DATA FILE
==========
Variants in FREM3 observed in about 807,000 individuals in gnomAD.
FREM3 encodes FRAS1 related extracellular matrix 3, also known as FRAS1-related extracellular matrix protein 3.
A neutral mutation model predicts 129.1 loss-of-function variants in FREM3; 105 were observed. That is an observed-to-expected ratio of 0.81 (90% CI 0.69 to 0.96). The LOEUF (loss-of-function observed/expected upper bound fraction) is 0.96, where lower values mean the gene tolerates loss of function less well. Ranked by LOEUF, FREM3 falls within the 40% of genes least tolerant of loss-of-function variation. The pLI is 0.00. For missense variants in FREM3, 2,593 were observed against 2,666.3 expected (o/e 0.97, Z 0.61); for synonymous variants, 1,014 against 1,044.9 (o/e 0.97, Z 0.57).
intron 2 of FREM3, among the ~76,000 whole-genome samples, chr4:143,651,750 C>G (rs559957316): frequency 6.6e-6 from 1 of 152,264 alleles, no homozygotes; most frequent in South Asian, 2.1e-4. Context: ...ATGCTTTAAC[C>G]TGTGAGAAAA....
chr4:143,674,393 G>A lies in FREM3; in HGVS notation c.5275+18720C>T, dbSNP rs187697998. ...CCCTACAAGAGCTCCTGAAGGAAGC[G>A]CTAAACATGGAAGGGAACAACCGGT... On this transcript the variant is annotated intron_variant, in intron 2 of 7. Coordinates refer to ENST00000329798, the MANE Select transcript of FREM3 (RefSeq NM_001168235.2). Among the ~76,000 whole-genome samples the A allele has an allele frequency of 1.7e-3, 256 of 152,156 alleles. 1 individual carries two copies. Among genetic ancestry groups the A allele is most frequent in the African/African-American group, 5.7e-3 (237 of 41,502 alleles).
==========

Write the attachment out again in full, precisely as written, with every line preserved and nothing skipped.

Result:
Variants in FREM3 observed in about 807,000 individuals in gnomAD.
FREM3 encodes FRAS1 related extracellular matrix 3, also known as FRAS1-related extracellular matrix protein 3.
A neutral mutation model predicts 129.1 loss-of-function variants in FREM3; 105 were observed. That is an observed-to-expected ratio of 0.81 (90% CI 0.69 to 0.96). The LOEUF (loss-of-function observed/expected upper bound fraction) is 0.96, where lower values mean the gene tolerates loss of function less well. Ranked by LOEUF, FREM3 falls within the 40% of genes least tolerant of loss-of-function variation. The pLI is 0.00. For missense variants in FREM3, 2,593 were observed against 2,666.3 expected (o/e 0.97, Z 0.61); for synonymous variants, 1,014 against 1,044.9 (o/e 0.97, Z 0.57).
intron 2 of FREM3, among the ~76,000 whole-genome samples, chr4:143,651,750 C>G (rs559957316): frequency 6.6e-6 from 1 of 152,264 alleles, no homozygotes; most frequent in South Asian, 2.1e-4. Context: ...ATGCTTTAAC[C>G]TGTGAGAAAA....
chr4:143,674,393 G>A lies in FREM3; in HGVS notation c.5275+18720C>T, dbSNP rs187697998. ...CCCTACAAGAGCTCCTGAAGGAAGC[G>A]CTAAACATGGAAGGGAACAACCGGT... On this transcript the variant is annotated intron_variant, in intron 2 of 7. Coordinates refer to ENST00000329798, the MANE Select transcript of FREM3 (RefSeq NM_001168235.2). Among the ~76,000 whole-genome samples the A allele has an allele frequency of 1.7e-3, 256 of 152,156 alleles. 1 individual carries two copies. Among genetic ancestry groups the A allele is most frequent in the African/African-American group, 5.7e-3 (237 of 41,502 alleles).